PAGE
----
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Flora of Australia Online

Synaphea spinulosa (Burm.f.) Merr., Proc. Linn. Soc. New South Wales 44: 354 (1919)

Polypodium spinulosum Burm.f., Fl. Indica 233, t. 67, fig. 1 (1768). T: from Java (in error), by deduction, from near Swan R., [south-western W.A.], date and coll. unknown, possibly from the Vlaming voyage, 1697 ; holo: G.

Illustration: A.S.George, Intr. Proteaceae W. Australia 105, pl. 156 (1984).

Stems several, to 50 cm long, appressed- or spreading-pubescent, often also loosely hirsute, glabrescent. Leaves widely tripartite, very undulate or multiplanar; petiole usually 0.5–2 cm long; lamina 2–7 cm long, 3–7 cm wide, puberulous or pilose, often glabrescent; primary lobes usually tripartite; ultimate lobes triangular, 1.5–5 mm wide, usually pungently 1–3-dentate, shallowly to deeply concave; reticulation open, shallow. Spikes in upper axils, 2–5 cm long; flowers ±crowded; peduncle 1–3 cm long, usually branched, tomentose to pubescent; rachis pubescent; bracts ovate, 1.5–4.5 cm long, ascending, acute, hirsute to pubescent or pilose. Perianth usually opening narrowly, puberulous to pubescent; adaxial tepal 4.4–7 mm long, 1.4–3 mm wide; abaxial tepal 3.5–5.5 mm long. Stigma ±broadly ovate or obovate to transversely elliptic, shallowly emarginate, 0.7–1 mm long and wide, ±flat; ovary pubescent or silky. Fruit ellipsoidal to cylindrical, prominently beaked, 3.5–5 mm long, hirsute. 

Widespread between Kalbarri and Bunbury and inland through the central and southern wheatbelt to Esperance, W.A.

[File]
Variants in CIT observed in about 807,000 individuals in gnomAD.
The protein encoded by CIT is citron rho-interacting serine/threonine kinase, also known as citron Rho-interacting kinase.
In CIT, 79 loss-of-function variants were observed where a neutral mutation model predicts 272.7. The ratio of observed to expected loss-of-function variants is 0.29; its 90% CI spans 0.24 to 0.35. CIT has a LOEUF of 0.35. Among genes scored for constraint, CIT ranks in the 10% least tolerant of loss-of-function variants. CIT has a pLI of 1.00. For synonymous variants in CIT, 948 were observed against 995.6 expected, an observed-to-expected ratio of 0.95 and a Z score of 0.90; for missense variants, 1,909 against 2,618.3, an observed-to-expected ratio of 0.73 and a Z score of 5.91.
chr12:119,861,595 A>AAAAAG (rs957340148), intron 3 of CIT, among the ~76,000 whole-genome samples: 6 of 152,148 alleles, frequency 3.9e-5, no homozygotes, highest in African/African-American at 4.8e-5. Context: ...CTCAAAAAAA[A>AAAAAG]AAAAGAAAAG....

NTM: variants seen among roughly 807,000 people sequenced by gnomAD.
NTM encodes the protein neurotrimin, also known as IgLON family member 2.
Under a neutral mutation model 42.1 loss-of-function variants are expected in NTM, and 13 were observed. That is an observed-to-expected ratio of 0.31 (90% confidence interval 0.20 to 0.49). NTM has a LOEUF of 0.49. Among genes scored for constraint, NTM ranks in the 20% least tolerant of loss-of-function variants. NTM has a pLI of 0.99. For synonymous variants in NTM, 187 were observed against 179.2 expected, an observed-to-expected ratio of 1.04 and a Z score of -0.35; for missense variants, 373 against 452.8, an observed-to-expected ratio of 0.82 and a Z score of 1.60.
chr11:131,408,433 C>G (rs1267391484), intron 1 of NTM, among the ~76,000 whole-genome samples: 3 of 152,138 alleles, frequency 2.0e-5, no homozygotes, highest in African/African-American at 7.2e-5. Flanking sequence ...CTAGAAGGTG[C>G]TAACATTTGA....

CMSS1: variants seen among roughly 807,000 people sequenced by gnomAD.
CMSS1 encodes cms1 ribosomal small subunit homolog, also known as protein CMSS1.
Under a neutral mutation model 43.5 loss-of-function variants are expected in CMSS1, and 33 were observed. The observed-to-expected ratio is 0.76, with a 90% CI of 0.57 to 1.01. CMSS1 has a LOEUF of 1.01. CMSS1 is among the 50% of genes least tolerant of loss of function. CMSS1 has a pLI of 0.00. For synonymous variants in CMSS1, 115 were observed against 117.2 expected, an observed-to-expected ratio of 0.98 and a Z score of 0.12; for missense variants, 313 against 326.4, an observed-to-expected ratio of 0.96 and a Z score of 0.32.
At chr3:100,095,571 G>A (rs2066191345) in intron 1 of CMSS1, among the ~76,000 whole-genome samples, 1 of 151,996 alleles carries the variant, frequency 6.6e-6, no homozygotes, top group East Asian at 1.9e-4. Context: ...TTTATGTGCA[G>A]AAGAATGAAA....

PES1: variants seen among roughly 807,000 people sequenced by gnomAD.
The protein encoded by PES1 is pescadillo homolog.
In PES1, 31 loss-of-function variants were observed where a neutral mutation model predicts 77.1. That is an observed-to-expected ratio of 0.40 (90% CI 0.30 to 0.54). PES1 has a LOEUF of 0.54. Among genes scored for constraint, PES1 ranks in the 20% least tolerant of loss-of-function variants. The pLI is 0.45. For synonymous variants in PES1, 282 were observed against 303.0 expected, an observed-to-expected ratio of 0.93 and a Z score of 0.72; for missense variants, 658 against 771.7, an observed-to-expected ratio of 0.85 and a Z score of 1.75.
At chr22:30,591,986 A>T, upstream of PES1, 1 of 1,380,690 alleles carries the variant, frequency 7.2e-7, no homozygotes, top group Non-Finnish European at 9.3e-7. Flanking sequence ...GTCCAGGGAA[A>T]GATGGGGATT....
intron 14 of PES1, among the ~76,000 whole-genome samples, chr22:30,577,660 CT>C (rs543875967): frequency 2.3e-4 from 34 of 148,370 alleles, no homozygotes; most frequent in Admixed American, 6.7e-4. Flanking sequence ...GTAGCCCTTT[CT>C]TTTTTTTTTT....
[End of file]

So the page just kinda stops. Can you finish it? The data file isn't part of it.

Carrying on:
One of the first 2 species of Australian plants named under the Linnaean binomial system. Although Robert Brown recognised that Burman's name applied to a species of Synaphea he placed it in synonymy under S. petiolaris and it remained for Merrill to make the combination. For many years the name was placed in synonymy under S. polymorpha .

Very variable; 3 subspecies are recognised but a number of collections remain to be critically studied, e.g. A.S.George 14384 from South Stirling (PERTH) with widely spaced flowers and narrow fruit with a very short beak; B.H.Smith 906 from Hindmarsh (PERTH) with short spikes and narrow leaves (also collected near Eneabba and Indarra), and R.H.Kuchel 1908 , east of Cranbrook (PERTH), with small leaves and flowers, the latter almost glabrous (also from Two Peoples Bay).

(A.S.George)

1 Adaxial tepal 4.4–5.5 mm long; abaxial tepal 3.5–4.5 mm long

2

1: Adaxial tepal 6.5–7 mm long; abaxial tepal 5.3–5.5 mm long

subsp. major

2 Perianth pubescent throughout; stems often hirsute as well as pubescent; fruit 4–5 mm long

subsp. spinulosa

2: Perianth ±glabrous towards apex; stems appressed-tomentose, glabrescent; fruit 3.5 mm long

subsp. borealis

 

Data derived from Flora of Australia Volumes 16 (1995), 17A (2000) and 17B (1999), products of ABRS, ©Commonwealth of Australia